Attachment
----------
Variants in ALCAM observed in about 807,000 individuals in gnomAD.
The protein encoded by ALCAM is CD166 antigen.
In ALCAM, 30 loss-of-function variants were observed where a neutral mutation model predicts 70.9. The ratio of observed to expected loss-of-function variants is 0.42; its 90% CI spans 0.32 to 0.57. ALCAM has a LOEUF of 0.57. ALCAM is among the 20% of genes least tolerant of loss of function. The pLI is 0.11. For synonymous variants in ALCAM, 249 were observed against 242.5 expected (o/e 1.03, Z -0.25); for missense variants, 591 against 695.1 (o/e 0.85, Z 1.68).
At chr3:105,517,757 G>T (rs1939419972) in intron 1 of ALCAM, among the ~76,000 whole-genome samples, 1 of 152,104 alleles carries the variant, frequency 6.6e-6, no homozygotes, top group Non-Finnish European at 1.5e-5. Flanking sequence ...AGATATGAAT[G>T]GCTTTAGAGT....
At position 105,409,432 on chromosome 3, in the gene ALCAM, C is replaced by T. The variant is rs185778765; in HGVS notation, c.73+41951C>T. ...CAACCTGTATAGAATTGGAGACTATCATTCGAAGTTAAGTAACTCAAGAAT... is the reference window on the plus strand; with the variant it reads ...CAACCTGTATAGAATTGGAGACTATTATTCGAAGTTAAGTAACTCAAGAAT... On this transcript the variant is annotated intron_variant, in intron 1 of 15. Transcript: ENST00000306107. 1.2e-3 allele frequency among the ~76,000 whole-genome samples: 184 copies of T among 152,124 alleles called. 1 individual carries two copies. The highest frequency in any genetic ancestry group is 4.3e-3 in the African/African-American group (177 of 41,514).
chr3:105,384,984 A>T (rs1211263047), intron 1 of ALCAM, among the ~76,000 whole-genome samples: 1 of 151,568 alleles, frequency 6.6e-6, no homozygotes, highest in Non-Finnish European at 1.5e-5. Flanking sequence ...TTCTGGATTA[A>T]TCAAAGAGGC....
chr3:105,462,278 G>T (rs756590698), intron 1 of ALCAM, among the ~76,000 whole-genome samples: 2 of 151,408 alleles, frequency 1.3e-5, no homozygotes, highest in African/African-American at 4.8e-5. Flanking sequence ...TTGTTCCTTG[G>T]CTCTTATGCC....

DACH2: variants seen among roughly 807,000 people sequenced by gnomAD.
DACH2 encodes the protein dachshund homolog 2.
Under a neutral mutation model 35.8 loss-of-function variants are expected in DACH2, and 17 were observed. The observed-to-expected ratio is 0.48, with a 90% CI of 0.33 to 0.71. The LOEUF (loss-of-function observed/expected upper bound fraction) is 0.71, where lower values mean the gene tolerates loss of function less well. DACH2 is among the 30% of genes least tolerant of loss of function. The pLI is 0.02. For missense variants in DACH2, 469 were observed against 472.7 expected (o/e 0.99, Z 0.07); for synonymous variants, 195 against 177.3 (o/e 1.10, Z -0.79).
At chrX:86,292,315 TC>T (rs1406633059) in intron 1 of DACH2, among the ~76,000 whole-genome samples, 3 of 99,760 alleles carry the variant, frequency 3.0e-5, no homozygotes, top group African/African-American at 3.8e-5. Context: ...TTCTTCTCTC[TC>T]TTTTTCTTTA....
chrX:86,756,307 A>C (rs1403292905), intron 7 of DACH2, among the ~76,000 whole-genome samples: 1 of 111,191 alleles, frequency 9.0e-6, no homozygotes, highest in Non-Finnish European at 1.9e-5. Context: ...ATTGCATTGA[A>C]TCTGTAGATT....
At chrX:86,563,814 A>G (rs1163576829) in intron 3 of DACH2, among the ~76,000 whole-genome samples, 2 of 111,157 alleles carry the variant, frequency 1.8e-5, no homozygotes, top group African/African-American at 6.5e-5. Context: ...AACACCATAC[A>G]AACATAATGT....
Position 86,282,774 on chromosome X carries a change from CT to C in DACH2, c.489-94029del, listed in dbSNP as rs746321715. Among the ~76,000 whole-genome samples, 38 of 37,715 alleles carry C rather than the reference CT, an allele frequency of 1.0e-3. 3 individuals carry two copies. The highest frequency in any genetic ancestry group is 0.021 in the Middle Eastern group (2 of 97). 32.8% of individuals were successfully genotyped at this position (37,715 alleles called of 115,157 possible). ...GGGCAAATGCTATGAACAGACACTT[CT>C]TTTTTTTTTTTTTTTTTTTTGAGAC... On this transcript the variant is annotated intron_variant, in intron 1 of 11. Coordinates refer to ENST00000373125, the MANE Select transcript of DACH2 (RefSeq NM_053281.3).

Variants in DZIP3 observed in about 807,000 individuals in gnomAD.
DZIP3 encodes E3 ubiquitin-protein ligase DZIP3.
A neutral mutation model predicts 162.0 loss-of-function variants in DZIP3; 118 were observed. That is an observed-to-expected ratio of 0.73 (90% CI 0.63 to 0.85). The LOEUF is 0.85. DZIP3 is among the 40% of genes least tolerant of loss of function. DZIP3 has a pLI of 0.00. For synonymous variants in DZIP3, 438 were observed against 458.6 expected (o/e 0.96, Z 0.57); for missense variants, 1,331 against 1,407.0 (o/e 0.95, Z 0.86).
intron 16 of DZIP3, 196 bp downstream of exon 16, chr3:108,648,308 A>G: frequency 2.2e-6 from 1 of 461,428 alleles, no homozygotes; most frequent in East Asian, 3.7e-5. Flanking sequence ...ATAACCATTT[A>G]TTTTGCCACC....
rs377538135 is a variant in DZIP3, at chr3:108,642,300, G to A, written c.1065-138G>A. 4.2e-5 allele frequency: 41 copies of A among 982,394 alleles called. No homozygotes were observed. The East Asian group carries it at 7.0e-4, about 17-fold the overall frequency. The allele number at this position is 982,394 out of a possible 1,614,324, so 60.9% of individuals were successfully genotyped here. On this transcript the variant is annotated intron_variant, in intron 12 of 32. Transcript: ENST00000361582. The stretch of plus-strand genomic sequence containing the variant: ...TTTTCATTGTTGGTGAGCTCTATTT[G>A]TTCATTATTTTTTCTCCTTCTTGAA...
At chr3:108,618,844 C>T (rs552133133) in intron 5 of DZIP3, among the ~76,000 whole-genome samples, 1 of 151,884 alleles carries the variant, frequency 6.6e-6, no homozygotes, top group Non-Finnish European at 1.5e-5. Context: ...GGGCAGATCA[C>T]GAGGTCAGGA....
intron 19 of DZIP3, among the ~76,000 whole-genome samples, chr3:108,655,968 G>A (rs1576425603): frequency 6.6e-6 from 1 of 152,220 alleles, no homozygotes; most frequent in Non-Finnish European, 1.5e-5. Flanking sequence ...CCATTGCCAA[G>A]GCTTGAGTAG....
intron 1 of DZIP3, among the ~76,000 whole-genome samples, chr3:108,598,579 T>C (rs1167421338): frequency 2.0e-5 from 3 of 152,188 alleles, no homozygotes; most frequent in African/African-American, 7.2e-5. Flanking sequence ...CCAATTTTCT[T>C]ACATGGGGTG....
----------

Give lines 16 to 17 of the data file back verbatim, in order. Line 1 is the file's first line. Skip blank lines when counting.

DZIP3 encodes E3 ubiquitin-protein ligase DZIP3.
A neutral mutation model predicts 162.0 loss-of-function variants in DZIP3; 118 were observed. That is an observed-to-expected ratio of 0.73 (90% CI 0.63 to 0.85). The LOEUF is 0.85. DZIP3 is among the 40% of genes least tolerant of loss of function. DZIP3 has a pLI of 0.00. For synonymous variants in DZIP3, 438 were observed against 458.6 expected (o/e 0.96, Z 0.57); for missense variants, 1,331 against 1,407.0 (o/e 0.95, Z 0.86).